Three Questions We Need to Ask on Trump and Russia

By Peter RoffNewsweek

It is virtually impossible to have a sane, temperate conversation about President Donald J. Trump and what the Russians might or might not have done to influence the outcome of the 2016 election. From the corner bar to the White House briefing room, folks have their heels dug in and aren’t budging, with each side passionately determined to prove the other wrong.

Most Republicans—except the ones who somehow manage to show up on the news chat shows with astonishing regularity—seem to regard the whole business as a tempest in a teapot at best, and at worst, a Machiavellian effort undertaken by entrenched liberals inside the U.S. government to remove Trump from office.

Democrats, meanwhile, mainly think that Trump and the Russians conspired to steal the presidency from Hillary Clinton. How could she have possibly lost the election otherwise? Continue reading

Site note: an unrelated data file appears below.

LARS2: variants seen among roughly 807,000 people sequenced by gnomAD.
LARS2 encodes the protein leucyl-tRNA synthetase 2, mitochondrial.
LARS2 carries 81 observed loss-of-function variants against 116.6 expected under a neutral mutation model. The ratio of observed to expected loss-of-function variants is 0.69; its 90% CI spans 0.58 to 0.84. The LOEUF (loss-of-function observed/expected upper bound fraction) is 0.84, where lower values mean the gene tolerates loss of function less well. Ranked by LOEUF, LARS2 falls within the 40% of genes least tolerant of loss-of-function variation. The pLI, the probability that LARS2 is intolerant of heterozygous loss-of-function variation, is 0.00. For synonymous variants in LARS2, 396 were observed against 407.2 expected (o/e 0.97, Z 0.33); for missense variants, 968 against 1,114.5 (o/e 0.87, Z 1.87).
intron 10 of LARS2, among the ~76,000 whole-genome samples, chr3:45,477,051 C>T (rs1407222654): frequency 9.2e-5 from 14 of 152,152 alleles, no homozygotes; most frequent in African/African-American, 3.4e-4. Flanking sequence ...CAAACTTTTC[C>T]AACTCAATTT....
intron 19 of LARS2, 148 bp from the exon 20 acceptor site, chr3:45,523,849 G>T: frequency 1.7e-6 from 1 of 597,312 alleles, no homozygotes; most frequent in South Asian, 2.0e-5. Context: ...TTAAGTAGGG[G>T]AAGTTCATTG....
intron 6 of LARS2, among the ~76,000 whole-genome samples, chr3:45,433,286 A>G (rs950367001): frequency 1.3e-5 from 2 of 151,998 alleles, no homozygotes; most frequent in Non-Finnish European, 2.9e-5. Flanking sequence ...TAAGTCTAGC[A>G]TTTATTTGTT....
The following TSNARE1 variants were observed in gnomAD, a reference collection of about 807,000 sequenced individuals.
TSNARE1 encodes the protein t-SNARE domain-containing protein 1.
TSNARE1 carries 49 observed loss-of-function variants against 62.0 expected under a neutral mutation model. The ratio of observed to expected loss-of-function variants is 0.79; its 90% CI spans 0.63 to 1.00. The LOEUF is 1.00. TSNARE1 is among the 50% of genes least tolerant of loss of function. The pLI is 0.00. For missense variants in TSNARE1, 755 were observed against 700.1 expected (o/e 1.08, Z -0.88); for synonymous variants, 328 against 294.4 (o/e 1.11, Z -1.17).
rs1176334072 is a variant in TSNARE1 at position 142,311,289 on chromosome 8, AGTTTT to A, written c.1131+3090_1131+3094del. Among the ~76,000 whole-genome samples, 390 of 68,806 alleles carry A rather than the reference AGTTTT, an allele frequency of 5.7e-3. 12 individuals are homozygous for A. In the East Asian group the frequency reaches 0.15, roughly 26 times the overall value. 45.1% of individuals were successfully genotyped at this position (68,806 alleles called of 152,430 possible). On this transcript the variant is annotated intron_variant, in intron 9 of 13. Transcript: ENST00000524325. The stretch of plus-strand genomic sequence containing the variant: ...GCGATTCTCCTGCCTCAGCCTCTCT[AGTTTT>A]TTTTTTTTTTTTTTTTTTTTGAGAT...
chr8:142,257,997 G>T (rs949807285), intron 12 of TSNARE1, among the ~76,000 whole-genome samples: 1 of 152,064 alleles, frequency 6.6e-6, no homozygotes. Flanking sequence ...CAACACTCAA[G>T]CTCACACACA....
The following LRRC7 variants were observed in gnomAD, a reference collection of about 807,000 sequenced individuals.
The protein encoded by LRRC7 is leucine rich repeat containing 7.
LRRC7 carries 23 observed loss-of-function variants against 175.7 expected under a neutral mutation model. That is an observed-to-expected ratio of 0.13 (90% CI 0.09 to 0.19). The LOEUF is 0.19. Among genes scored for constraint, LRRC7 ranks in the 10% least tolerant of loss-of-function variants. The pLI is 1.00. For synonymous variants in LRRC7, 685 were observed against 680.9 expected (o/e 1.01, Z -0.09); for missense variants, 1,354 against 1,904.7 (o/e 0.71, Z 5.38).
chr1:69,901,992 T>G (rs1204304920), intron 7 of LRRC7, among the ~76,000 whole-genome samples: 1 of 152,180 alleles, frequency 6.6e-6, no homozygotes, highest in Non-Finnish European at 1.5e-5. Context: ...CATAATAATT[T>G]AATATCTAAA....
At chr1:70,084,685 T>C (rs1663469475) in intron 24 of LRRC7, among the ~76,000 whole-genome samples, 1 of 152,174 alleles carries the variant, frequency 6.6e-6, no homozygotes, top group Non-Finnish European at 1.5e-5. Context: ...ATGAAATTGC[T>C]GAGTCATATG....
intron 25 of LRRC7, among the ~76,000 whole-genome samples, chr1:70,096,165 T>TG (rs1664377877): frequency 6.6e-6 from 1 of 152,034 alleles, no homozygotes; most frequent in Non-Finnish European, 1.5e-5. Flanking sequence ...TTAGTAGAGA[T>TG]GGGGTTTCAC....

The Past, The Present And The Future of US-Russian Relations

By Dr. Miklos K. Radvanyi & Dr. Laszlo KemenyFrontiers of Freedom

Nobody can ever wholly escape the mixture of positive and negative influences of his or her times and country. Neither are politicians across the globe exempt from the deeply ingrained ethical, cultural, and intellectual foibles and prejudices of their respective societies. Accordingly, trust among political leaders of all ages and places has always been either non-existent or of short supply. This dearth of trust, fundamentally rooted in a mutual failure to comprehend the other nation’s mentality, has characterized the over two centuries old history of US-Russia relations too. Avoiding the temptation of expanding on this history, suffice it to state that as Russian domestic and foreign policies could not be understood by the pragmatic, result oriented American mind, so has been the emotional mindset of the Russians mostly incapable to objectively judge the domestic and foreign policies of the United States of America.